Thursday, July 30, 2009

Bribery works immediately

Why do parents turn to bribing their kids to behave? One reason is that it often gets the desired results right away.

One mom told me about how her son was begging her to watch a Star Wars movie that they had bought the previous night. They were planning to watch it as a family the following night but that wasn’t soon enough for him! He kept on asking to watch it and proceeded to try to persuade her even when she was on the phone.

Since her phone call was for business and she really needed to complete the conversation, she took a quick break to promise her son an ice cream cone if he stopped bugging her. He immediately agreed and stopped nagging her!

While she achieved the desired behavior, he learned that nagging her may result in a treat. Do you think he’ll try nagging her again? Whatever behaviors we reward, we can expect to see more of those behaviors in the future!

Monday, July 27, 2009

Talking to tweens about drinking

The average age in the United States for alcohol initiation is 13-years-old. This fact along with other important research data is reported in Stephen Wallace's book Reality Gap: Alcohol, Drugs, and Sex--What Parents Don't Know and Teens Aren't Telling.

If your child is 11 or 12, it's a good time to start discussing issues around drinking. You might begin a conversation by stating that you recently learned that the 13 is the average age for kids to start drinking. Ask your children for their thoughts on drinking. Share concerns you have about underage drinking.

For these types of ongoing issues, plan on having many short conversations while your children are growing up. Knowing that you are open to discussing tough topics will help your kids feel more comfortable approaching you in the future.

Thursday, July 23, 2009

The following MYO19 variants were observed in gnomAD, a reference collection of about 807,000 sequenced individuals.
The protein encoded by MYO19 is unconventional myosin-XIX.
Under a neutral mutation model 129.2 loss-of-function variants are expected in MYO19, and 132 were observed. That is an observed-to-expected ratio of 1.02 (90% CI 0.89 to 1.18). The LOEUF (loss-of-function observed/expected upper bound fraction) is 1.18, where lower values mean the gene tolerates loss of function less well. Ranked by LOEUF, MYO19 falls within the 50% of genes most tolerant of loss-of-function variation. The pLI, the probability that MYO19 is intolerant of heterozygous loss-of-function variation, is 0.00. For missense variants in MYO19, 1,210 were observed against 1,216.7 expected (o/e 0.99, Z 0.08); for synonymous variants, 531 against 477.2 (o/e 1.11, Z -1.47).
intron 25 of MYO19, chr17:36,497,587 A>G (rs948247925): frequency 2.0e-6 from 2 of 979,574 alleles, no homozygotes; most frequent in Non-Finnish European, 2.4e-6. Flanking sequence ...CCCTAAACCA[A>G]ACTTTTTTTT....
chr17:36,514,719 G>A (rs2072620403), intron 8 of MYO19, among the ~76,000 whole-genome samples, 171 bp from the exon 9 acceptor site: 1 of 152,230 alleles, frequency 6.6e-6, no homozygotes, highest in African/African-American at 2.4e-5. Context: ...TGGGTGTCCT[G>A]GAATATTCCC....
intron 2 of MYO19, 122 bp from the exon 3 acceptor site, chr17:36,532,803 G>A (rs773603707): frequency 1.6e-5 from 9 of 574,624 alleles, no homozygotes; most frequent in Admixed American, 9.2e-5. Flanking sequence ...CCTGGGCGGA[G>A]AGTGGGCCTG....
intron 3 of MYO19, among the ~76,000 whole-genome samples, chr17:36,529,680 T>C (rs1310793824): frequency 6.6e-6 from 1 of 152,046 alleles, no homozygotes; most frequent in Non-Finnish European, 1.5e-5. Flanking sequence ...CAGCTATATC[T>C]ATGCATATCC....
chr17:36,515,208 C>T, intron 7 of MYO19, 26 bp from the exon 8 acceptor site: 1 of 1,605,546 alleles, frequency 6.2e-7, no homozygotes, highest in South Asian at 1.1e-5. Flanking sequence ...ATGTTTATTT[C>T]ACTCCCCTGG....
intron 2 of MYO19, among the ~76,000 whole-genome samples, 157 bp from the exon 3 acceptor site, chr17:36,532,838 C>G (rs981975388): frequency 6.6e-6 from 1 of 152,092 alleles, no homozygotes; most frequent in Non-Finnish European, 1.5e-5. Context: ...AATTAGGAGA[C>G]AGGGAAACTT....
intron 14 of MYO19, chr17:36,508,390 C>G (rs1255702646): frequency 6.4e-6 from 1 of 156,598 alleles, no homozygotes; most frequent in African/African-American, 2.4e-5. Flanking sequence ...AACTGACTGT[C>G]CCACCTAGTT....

What's wrong with just wanting our kids to be happy?

"I really do just want my kids to be happy! What can possibly be wrong with that?" The potential problem is that it appears there is a connection between parents focusing on making their kids happy with those children actually being increasingly unhappy.

What does the research show?

Although it seems that children who have their basic needs met plus enjoy many extras would certainly be happy, this appears to not be the case.

The United States Centers for Disease Control and Prevention surveyed over 14,000 students in grades 9-12 in 2007. They reported "During the 12 months before the survey, 28.5% of students nationwide had felt so sad or hopeless almost every day for 2 or more weeks in a row that they stopped doing some usual activities."

How do parents play a role?

Loving parents can unintentionally raise self-centered, unhappy children. How does this happen?

(read the rest of the article at Priceless Parenting)

Monday, July 20, 2009

If I could just hit him!

An exasperated dad of a 12-year-old boy told me “I wish I could just beat him! That would straighten him out.” He went on to explain that as a child he had been frequently beat for misbehaving and he quickly learned not to misbehave. His son had just been suspended from school that day for fighting and he was at wits end trying to figure out how to deal with this boy’s behavior.

Hitting an adolescent is a very bad idea. In Dr. Michael Bradley’s book, Yes, Your Teen is Crazy, he explains it this way:

“You are now officially discharged from the army of hitters of children (if you were ever in that group). As the parent of an adolescent, you must assume the status of conscientious objector. You don’t do violence anymore. You don’t hit, smack, butt, throttle, jab, or even look like you might ever do any of these things. You draw an invisible circle around your kid and you never cross over that line uninvited.

You do this for two reasons. The first is that hitting doesn’t work anyway. The second is that smacking an adolescent is an experience very much like whacking at an old stick of dynamite. Often, it doesn’t explode right away, but when it does, it will demolish everything around it. The question is why would anyone whack at a stick of dynamite or at an adolescent?”